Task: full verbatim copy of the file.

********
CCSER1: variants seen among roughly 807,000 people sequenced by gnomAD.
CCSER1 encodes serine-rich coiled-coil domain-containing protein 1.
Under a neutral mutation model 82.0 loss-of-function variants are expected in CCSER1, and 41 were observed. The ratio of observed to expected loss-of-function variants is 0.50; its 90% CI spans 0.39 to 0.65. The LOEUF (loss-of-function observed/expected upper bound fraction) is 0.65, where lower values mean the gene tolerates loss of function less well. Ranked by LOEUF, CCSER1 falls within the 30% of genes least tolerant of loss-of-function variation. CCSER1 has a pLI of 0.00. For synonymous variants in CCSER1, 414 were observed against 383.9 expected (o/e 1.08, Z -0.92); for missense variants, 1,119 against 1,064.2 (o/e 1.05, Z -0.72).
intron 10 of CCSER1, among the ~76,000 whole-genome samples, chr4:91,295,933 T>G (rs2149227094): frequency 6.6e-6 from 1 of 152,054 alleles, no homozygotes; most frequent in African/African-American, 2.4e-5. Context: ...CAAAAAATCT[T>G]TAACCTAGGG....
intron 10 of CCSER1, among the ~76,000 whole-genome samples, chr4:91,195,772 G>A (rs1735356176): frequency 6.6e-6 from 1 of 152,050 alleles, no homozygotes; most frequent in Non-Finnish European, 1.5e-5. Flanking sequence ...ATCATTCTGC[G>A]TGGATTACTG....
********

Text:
CCSER1: variants seen among roughly 807,000 people sequenced by gnomAD.
CCSER1 encodes serine-rich coiled-coil domain-containing protein 1.
Under a neutral mutation model 82.0 loss-of-function variants are expected in CCSER1, and 41 were observed. The ratio of observed to expected loss-of-function variants is 0.50; its 90% CI spans 0.39 to 0.65. The LOEUF (loss-of-function observed/expected upper bound fraction) is 0.65, where lower values mean the gene tolerates loss of function less well. Ranked by LOEUF, CCSER1 falls within the 30% of genes least tolerant of loss-of-function variation. CCSER1 has a pLI of 0.00. For synonymous variants in CCSER1, 414 were observed against 383.9 expected (o/e 1.08, Z -0.92); for missense variants, 1,119 against 1,064.2 (o/e 1.05, Z -0.72).
intron 10 of CCSER1, among the ~76,000 whole-genome samples, chr4:91,295,933 T>G (rs2149227094): frequency 6.6e-6 from 1 of 152,054 alleles, no homozygotes; most frequent in African/African-American, 2.4e-5. Context: ...CAAAAAATCT[T>G]TAACCTAGGG....
intron 10 of CCSER1, among the ~76,000 whole-genome samples, chr4:91,195,772 G>A (rs1735356176): frequency 6.6e-6 from 1 of 152,050 alleles, no homozygotes; most frequent in Non-Finnish European, 1.5e-5. Flanking sequence ...ATCATTCTGC[G>A]TGGATTACTG....